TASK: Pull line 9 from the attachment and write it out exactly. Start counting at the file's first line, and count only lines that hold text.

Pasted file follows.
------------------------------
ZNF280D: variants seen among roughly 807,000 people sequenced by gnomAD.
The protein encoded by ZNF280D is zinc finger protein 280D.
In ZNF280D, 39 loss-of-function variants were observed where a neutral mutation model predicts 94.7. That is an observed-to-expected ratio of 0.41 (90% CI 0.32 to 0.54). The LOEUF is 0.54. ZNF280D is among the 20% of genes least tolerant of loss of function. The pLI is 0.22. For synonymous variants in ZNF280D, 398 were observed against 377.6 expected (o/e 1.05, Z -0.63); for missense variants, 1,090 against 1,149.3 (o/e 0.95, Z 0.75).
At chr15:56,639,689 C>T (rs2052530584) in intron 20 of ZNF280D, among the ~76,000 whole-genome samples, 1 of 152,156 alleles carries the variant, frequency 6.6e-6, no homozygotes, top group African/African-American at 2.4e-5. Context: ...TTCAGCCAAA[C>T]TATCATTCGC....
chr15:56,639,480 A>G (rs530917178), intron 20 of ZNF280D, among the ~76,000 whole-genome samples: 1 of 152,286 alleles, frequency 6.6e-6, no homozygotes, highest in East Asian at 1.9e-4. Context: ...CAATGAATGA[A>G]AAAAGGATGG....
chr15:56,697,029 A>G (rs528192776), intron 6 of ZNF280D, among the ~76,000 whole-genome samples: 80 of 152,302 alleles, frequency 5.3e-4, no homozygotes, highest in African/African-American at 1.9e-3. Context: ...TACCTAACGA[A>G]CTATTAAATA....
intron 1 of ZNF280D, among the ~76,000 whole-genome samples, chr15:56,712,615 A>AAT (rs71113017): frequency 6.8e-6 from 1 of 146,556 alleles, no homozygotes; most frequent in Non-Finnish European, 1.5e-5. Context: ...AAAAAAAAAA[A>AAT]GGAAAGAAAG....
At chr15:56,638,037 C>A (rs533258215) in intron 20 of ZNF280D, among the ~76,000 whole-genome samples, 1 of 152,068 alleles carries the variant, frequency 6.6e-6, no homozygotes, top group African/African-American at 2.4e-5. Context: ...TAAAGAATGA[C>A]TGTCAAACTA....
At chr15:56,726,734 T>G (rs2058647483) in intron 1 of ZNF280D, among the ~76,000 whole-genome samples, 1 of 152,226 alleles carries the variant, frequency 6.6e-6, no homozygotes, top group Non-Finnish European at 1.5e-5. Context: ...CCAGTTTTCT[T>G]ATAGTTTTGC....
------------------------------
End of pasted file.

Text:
At chr15:56,726,734 T>G (rs2058647483) in intron 1 of ZNF280D, among the ~76,000 whole-genome samples, 1 of 152,226 alleles carries the variant, frequency 6.6e-6, no homozygotes, top group Non-Finnish European at 1.5e-5. Context: ...CCAGTTTTCT[T>G]ATAGTTTTGC....